4. David and Jack Sullivan and family 2021: £1.04bn 

The Cardiff-born entrepreneur David and his family's significant wealth is from property, football and media. Even though their fortune may have taken a hit over the last year with a £60m loss, they are still part of the billionaires club.  

According to The Sunday Times Rich List 2021, it has identified a record-breaking 171 UK billionaires – 24 more than in 2020 with The Sullivan’s being part of that list at #162, a drop from their position last year at 135.  

Building his fortune from pornography, sex shops and erotic films, David has invested in other ventures, including various properties and becoming a 51% shareholder of West Ham FC. Keen to start his son Jack off young, he made him the director of West Ham United Women from 2017-21, the youngest executive in English football history. David also owns a 14-bedroom lavish mansion in Theydon Bois, which features two swimming pools and a bowling alley.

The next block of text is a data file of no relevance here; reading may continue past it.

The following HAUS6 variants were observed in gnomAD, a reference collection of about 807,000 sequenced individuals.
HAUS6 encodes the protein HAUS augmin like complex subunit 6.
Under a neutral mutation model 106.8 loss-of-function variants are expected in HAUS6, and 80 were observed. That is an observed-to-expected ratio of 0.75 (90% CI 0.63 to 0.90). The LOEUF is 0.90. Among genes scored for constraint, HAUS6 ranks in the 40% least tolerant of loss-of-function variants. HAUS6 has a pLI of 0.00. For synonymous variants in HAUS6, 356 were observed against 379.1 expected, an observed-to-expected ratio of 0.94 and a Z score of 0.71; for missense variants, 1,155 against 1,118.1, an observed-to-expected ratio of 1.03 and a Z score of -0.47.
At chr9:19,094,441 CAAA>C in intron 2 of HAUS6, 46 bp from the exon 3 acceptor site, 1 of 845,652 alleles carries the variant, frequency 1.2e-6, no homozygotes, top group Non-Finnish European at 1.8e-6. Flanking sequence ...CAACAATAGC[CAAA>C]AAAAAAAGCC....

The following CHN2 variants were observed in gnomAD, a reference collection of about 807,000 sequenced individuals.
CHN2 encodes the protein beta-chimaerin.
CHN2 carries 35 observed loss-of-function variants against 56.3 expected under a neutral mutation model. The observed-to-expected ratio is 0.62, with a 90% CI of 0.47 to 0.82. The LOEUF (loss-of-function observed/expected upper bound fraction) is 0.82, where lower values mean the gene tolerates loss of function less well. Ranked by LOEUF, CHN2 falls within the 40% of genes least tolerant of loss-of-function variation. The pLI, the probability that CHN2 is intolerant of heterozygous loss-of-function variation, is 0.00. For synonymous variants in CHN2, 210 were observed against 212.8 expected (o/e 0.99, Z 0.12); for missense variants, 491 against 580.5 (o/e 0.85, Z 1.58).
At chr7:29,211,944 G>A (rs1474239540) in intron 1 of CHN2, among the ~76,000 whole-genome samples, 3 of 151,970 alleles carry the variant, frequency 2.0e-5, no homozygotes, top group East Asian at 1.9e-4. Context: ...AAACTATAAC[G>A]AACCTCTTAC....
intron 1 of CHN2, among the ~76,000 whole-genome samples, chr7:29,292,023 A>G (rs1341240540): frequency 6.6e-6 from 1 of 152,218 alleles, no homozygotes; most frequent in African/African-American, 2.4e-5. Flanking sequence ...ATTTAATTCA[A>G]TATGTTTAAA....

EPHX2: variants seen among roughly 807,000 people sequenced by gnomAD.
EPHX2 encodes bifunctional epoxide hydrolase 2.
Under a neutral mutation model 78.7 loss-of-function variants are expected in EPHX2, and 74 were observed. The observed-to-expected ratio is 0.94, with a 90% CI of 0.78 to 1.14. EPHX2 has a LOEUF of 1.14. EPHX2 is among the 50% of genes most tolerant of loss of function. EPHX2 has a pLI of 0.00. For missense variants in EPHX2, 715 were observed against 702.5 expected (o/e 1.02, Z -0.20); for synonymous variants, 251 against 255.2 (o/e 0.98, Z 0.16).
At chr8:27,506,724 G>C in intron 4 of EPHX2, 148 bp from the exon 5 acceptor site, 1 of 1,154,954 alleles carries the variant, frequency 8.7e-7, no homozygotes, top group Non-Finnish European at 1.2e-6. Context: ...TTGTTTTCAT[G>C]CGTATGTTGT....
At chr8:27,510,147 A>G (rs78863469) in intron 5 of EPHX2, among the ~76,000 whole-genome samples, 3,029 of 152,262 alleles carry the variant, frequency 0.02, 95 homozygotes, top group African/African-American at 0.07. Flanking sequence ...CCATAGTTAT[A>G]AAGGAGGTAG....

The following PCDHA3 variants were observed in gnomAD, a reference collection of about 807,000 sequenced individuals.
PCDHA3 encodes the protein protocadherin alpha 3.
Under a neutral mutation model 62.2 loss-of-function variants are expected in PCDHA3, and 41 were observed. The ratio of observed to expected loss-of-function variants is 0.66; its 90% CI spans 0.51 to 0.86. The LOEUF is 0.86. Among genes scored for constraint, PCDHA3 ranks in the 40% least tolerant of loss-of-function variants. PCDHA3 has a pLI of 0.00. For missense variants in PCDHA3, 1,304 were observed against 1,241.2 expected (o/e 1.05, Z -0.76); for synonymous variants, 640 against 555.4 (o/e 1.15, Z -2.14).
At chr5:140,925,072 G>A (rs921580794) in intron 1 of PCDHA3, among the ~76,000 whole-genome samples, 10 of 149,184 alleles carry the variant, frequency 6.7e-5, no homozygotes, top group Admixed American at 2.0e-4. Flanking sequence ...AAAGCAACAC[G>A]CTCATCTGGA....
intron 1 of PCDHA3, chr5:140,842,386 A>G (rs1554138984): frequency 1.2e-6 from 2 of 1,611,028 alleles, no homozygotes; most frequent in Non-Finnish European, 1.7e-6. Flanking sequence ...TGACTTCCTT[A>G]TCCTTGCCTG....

5. Sir Charles Dunstone 2021: £775m 

Still ranking the same spot at #209 in The Sunday Times Rich List 2021, Sir Charles Dunstone has definitely had a year to celebrate. Someone who has largely benefited from the pandemic with a rise of £94m, equating his fortune to £775m. 

The Saffron Walden-born entrepreneur's main fortune comes from technology. It all began for the chairman of TalkTalk Telecom and former chairman of electronics retailer Dixons Carphone when he started working as a sales executive at NEC when he dropped out of university. It was during that time he recognised the potential of cell phones and mobile communication. Driven to this realisation, at 25 years old Charles invested his £6,000 savings and began selling mobile phones from his flat at Marlyebone Road. According to Sky News, Sir Charles ‘sold the last of his stake in Britain's biggest electrical goods and mobile phone retailer, severing a 32-year tie with the business that turned him into one of Britain's most successful entrepreneurs.’ 

He was made a Knight Bachelor in the 2012 Queen’s Birthday Honours List and recognised ‘for his services to the telecoms industry and charity work’.